American Wigeon (Anas)
When the drake is at rest, the white crown of the full plumaged bird provides a distinctive mark, which gives the bird its common name (baldpate). Wigeons fly rapidly with fairly deep wing beats, and their flight is more erratic than the other puddle ducks except the teal. They have short bills, proportionately narrow wings, and moderately long, wedge-shaped tails. The most recognizable feature in flight is the white rectangular shoulder patch of the drake. The patch is indistinct in the hen. Both the drake and hen have elliptical white bellies that are sharply outlined by the brown chest and sides. The white underparts are similar to the gadwall and the wood duck. A green band extends from the eye to the back of the head. The pinkish-brown breast and sides are separated from the black undertail coverts (small clusters of feathers) by white flank feathers. The head and neck are buff streaked with black except for the white crown and green head stripe of the adult drake. The feet and legs of both sexes are blue-gray. The average length of the American wigeon is 19 to 20.5 inches.
Average Weight Range
Mature American wigeons range in weight from 1.5 to 2 pounds.
Nests are set up on dry land in clumps of sedges, rushes, brush or weeds. Nests are normally from 16 to 50 yards away from water but can be 100 yards or more. The nest is a slight depression lined with grass or other herbaceous vegetation and down. Wigeons incubate from 23 to 25 days and yield clutches of about 9 white to cream-colored eggs. The annual molting process in which both sexes change plumage occurs after breeding. The ducks are unable to fly for about 45 to 60 days, and they become secretive and hide in cover to avoid predators. The molt takes place in large marshes in or near the breeding area.
Wigeons prefer stems and leafy parts of aquatic plants. They also consume the seeds of marsh and aquatic plants like smartweed and wild millet. Wigeons will frequently take plant food from the bills of diving ducks like the redhead.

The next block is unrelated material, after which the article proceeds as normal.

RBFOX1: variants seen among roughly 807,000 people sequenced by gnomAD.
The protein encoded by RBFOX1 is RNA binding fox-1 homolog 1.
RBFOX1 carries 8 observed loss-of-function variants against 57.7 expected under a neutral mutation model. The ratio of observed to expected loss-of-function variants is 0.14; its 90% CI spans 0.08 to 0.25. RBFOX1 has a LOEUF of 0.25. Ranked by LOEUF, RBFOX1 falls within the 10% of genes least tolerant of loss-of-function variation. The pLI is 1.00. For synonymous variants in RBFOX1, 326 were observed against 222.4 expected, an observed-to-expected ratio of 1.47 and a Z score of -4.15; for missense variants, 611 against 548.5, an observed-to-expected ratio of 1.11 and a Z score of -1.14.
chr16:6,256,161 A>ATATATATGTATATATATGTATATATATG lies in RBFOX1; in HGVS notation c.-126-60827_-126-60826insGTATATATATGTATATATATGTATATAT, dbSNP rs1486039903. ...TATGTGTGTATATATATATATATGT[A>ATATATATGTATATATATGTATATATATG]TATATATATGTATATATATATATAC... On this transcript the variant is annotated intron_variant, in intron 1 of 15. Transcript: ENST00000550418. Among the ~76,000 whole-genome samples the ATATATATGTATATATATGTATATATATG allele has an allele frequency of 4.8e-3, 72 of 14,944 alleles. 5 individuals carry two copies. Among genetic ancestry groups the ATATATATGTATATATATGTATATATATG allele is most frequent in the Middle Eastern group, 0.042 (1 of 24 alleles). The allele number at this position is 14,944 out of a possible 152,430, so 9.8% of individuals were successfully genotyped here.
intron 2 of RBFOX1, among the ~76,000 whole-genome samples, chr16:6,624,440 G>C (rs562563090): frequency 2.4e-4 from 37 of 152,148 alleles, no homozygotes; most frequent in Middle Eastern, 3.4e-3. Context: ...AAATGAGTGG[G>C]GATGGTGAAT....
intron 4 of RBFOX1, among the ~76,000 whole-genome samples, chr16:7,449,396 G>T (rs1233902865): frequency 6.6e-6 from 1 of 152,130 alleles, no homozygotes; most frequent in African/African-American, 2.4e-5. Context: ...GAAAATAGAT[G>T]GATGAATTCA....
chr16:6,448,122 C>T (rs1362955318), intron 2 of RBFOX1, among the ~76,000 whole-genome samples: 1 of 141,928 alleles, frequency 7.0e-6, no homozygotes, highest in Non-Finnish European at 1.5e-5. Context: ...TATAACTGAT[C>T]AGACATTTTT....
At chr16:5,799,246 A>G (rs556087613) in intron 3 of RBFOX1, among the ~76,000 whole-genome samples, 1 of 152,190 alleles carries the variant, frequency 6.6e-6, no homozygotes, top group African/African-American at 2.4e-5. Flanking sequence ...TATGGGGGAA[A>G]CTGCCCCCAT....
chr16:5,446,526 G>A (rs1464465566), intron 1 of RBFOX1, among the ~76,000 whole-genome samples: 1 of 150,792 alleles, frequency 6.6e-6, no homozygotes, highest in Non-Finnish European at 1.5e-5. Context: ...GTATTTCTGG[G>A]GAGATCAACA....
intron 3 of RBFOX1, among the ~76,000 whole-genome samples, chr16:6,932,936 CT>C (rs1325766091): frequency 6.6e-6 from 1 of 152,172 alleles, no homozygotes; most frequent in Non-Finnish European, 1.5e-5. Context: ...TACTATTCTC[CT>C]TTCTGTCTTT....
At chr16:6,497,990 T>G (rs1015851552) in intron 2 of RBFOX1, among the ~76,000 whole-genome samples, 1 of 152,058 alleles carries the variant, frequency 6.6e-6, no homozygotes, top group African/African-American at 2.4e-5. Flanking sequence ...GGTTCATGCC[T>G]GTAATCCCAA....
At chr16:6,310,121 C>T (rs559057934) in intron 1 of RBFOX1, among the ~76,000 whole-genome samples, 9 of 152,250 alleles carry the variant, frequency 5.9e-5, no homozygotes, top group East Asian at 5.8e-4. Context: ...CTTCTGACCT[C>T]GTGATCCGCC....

The wigeon breeds from the tundra of North America south through the Dakotas and the intermountain marshes into Wyoming, Utah, and Oregon. It winters from New England and British Columbia south to Central America and the West Indies.
American wigeons inhabit river deltas, marshes, intermountain marshes, mountain valleys and plateaus.
Common Hunting Methods
American wigeons are harvested using many different types of shotgun. The three popular methods of hunting puddle ducks are pass shooting, jump shooting and decoying. The methods are frequently combined during a hunt. Scouting is essential to determine the ducks active and inactive periods and give the hunter the advantage of being in the right spot for success. Ducks typically fly in the morning and evening, so these are good times to decoy and pass-shoot. They tend to relax around midday making jump shooting more advantageous, especially during sunny days.
Practice the duck calls. The common calls are the Hail Call, the Greeting Call, the Feeding Call and the Comeback Call. Decoys should be used and are made of cedar, cork, foam or plastic. The cedar and cork are more expensive. The amount of decoys and the type of spread used will depend on location. Avid duck hunters usually use a retrieving dog.
Keen eyesight and fast, strong flying ability make a duck hunt challenging. The fact that the best hunts usually take place in less than favorable weather conditions adds to the challenge. Ducks are harvested for their tasty meat and their beautiful mounts.
The frequent call of the drake wigeon in flight consists of three whistling, piping notes with the middle note being the highest. The pintail has a similar call, but it is briefer and evenly pitched.
Puddle ducks, also known as dabblers, are in a group that tips up the tail when feeding as they stretch downward to find food.
They also have large, powerful wings for vertical take-off, and their legs are positioned near the center of the body for easier movement on land.